This review is part of the A Play of Light and Shadow: Horror in Silent Cinema Series
Movie Review – A Page of Madness (1926)
Cinema, as an entertainment medium, is a balance between storytelling and visuals. Some movies strike a harmonious balance while others, particularly genre films, tend to lean towards one aspect or the other, often to the movie’s detriment. Horror movies, in particular, not always but generally rely more upon the images on the screen than upon the strength of the story being told. However, there are some movies where the visuals are so captivating that the story, present though muddled into incoherence, becomes almost unnecessary. A Page of Madness (1926), directed by Japanese filmmaker Teinosuke Kinugasa, is such a film.
It is perhaps a small miracle that we still have it. Most of Japan’s silent films are lost forever. Already accustomed to moving pictures via the tradition of Magic Lantern shows, the country’s foray into cinema began in 1897, and the following year they were making ghost movies. Heavily influenced by traditional theater, cinemas began incorporating benshis who became integral parts of the filmmaking industry. These performers, following a rich tradition of oral storytelling, would narrate the silent films, often accompanied by music, spouting the dialogue of characters, explaining scenes, or sometimes even informing the audience of scenes that were missing. They gave viewers an immersive peek into the filmmaking process. With the rise of talkies, the benshi’s place quickly waned. Yet they alone would not disappear. The early twentieth century was not kind to film – almost no one saw the merit in preserving it, and the nitrate film quickly decayed, particularly in Japan’s humid climate. The earthquake of 1923 sent many more movies into the nether, but perhaps no eater of films was as voracious as the U.S. bombers that rained fire and destruction upon Tokyo in World War II.
Originally released in 1926, the movie was lost until Kinugasa found it in his storehouse in 1971. The movie was unlike anything Japan was producing at the time. Movies in that era were played in one of two types of the theaters: ones that played foreign films and ones that played domestic films, which were generally viewed as inferior. Kinugasa took inspiration from outside Japan, particularly among the French and German Expressionist directors, and A Page was a rare domestic product which played in Japan’s foreign theaters.
It was a collaborative effort of talented writers and artists. Yasunari Kawabata, who would win the Nobel Prize for Literature in 1968, wrote the original story, which would be elaborated upon by Kinugasa and others. Kinugasa then worked with a group of avant-garde performers known as the School of New Perceptions (Shinkankaku-ha), who, to save money, often slept on set over the course of the month-long filming. The star of the movie, Masao Inoue, forwent pay in order to support its making.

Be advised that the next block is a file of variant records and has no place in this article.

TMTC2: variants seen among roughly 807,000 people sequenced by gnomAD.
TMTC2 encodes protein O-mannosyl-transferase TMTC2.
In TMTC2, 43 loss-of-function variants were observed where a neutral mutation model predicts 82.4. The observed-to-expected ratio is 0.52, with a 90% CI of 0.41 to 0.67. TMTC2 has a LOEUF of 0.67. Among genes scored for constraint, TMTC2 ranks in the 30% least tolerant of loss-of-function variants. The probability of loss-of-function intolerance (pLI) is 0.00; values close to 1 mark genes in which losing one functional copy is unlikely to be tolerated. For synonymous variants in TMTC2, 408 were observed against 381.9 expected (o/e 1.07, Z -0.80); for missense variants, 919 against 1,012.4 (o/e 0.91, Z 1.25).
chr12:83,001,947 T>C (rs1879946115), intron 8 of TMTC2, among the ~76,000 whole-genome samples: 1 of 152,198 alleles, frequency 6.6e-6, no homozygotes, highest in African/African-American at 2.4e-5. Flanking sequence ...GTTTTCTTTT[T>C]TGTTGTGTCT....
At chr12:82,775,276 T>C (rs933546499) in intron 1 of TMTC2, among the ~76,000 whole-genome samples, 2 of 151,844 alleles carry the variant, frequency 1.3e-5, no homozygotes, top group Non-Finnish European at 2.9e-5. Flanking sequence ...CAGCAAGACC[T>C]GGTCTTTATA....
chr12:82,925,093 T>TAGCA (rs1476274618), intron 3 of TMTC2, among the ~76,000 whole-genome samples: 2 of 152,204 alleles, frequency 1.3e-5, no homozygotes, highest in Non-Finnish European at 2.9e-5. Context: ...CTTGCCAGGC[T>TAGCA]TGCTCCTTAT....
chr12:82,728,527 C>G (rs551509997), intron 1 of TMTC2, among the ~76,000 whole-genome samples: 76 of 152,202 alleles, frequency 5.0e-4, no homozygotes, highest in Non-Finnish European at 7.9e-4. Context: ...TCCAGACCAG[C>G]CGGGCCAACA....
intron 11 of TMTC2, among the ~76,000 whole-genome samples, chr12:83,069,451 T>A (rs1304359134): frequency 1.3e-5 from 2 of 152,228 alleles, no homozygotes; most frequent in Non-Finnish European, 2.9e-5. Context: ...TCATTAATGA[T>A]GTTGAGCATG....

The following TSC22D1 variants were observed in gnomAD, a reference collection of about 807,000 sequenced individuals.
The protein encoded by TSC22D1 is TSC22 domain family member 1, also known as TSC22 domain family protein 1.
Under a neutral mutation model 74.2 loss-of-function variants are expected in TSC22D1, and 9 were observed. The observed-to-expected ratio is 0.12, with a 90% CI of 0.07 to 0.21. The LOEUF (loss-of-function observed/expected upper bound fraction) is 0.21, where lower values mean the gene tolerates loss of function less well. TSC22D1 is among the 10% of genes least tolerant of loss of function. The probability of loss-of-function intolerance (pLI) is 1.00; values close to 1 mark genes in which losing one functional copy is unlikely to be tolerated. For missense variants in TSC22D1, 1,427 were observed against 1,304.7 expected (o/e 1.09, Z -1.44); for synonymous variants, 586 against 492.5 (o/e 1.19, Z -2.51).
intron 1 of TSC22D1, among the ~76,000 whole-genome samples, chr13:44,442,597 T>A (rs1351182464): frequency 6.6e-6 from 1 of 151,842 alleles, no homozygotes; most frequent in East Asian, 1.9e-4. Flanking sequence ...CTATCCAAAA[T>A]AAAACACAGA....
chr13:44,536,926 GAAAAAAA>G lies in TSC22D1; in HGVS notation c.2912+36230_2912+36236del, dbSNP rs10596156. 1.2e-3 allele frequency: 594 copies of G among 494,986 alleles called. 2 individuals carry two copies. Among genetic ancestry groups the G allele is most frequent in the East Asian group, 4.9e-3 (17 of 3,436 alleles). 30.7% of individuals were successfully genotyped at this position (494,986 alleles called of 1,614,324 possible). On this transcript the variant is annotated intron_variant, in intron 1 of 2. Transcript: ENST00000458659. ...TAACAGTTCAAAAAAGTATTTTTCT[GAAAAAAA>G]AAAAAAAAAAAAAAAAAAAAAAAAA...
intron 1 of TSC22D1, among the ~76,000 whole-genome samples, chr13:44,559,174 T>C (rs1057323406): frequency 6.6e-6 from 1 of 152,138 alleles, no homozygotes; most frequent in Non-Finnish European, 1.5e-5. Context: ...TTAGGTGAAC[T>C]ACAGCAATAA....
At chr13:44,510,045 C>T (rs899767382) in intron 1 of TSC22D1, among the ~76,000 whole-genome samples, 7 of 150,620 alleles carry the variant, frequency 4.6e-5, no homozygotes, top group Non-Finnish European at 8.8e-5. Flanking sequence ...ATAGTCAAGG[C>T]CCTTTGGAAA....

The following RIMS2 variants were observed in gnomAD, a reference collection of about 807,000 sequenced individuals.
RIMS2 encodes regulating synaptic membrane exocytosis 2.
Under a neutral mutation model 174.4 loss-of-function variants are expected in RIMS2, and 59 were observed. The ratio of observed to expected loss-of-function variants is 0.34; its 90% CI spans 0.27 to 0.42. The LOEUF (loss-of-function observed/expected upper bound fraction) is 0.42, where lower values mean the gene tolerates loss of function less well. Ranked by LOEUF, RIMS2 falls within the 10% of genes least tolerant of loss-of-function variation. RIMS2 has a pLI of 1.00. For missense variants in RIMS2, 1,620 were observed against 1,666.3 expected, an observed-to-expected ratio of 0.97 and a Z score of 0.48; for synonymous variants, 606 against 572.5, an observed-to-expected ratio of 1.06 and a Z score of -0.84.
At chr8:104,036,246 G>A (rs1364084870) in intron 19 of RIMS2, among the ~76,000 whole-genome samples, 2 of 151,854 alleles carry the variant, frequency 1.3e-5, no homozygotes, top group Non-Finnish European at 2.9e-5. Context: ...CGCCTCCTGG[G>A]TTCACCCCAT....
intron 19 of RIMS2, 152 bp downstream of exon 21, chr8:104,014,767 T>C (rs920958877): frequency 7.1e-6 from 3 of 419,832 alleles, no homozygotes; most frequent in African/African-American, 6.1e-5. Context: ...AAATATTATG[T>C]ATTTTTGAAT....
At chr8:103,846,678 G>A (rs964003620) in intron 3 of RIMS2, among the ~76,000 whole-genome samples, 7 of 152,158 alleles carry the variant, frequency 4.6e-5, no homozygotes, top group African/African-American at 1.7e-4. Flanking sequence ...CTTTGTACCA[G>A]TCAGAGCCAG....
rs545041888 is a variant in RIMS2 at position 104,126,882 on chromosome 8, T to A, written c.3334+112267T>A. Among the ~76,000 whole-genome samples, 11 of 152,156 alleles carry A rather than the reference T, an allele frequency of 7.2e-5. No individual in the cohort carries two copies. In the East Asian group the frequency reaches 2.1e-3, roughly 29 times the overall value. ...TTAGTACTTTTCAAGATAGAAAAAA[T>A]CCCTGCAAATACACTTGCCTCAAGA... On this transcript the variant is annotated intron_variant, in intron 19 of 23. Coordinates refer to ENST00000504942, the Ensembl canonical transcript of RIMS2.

The print today is missing nearly a third of its original state, and the lack of inter-titles makes the story confusing at times. The famous benshi Musei Tokugawa narrated the film at its premiere, but without this element to guide modern viewers some scenes are confusing, or their place within the timeline uncertain. The viewer is left guessing and trying to piece together images like a puzzle which we know is missing pieces. Nevertheless, a story can be salvaged: A man’s wife is placed into a mental asylum after, we can guess from various images (a crying baby in a drain, etc.), she tried to drown a baby. He takes a job as the asylum’s janitor, not revealing his identity, to stay near her, though it appears she is unable to recognize him through her hallucinations. One day his daughter and son arrive to visit their mother, seemingly surprised to see their father there, and we can gather that the daughter is there to announce to her mother her recent engagement. At some point the man has an argument with his daughter which compels him to hatch an escape for his wife, but things don’t go as planned. It’s unclear if the final third of the movie is a representation of the man’s own sanity slipping, or his realization of the repercussions that his actions may cause, though this viewer takes it to be the latter.
Nevertheless, the story is largely a mystery, but it is also beside the point. It’s the visuals, which continually place the viewer in the skewed perspective of insanity, that make the movie mesmerizing, and the seeming incoherence of the story only serves to emphasize this aspect. A Page of Madness is a combination of influences, most notably the German Expressionist The Cabinet of Dr. Caligari (1920) by Robert Weine, which dealt with an asylum and the perceptions of madness, and Abel Gance’s experimental 1915 French film La Folie du Docteur Tube, which used distorting lenses to simulate people being high after inhaling a white powder.
A Page begins like a fever dream, with images of an elegant dancing woman in a club intercut with a rainstorm and drums and brass instruments. Gradually the viewer realizes that the music and elegant setting is in the head of a tattered dancing girl in an asylum, played by the captivatingly beautiful Eiko Minami. Though the film is silent, the images and rapid rhythmic editing make the viewer disorientated and think that they too can hear the drums. From there the movie slides back and forth between sobriety and unhinged indulgence, depending on whose eyes the lens is peering through. It’s an experience that, though the viewer is not quite sure what they saw or how to explain it, will linger.